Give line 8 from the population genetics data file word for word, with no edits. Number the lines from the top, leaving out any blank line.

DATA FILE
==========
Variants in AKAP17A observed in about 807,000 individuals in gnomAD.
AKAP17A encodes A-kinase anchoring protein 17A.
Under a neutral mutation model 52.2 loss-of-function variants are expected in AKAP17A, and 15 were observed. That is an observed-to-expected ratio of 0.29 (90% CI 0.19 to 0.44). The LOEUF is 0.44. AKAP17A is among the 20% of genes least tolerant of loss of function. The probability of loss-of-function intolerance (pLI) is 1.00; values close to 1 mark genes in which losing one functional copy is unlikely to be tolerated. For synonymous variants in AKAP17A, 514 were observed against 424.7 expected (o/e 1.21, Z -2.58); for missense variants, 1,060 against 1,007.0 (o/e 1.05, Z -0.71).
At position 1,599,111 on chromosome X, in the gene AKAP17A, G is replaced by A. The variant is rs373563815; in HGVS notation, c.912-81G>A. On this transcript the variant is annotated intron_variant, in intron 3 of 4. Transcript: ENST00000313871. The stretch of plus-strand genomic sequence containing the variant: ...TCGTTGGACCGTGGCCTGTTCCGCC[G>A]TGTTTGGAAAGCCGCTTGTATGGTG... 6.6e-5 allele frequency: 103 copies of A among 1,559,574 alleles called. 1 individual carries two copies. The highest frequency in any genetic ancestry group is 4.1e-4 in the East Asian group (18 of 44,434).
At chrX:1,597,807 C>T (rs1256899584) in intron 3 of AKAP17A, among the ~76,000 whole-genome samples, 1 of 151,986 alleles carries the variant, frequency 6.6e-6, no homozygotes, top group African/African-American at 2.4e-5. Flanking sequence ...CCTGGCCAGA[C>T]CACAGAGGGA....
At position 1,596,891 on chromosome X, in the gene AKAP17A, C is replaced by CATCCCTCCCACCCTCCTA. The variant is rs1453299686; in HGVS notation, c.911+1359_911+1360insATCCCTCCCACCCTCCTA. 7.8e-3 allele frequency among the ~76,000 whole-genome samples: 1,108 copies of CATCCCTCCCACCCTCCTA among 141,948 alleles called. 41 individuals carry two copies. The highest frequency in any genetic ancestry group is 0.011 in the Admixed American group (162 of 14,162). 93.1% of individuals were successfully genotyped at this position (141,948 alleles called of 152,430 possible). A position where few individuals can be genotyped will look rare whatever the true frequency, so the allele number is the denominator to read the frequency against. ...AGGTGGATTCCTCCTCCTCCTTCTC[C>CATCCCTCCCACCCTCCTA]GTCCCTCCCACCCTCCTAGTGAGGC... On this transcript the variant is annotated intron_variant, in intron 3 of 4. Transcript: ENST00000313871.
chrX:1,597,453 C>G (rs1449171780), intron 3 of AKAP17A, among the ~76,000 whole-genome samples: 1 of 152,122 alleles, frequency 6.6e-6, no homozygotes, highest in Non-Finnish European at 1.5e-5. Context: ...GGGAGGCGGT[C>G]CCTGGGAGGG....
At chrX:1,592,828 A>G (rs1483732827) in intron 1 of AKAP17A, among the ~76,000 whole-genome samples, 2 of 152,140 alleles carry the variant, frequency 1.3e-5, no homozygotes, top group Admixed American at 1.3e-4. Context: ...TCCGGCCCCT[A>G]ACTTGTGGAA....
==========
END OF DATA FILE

At chrX:1,592,828 A>G (rs1483732827) in intron 1 of AKAP17A, among the ~76,000 whole-genome samples, 2 of 152,140 alleles carry the variant, frequency 1.3e-5, no homozygotes, top group Admixed American at 1.3e-4. Context: ...TCCGGCCCCT[A>G]ACTTGTGGAA....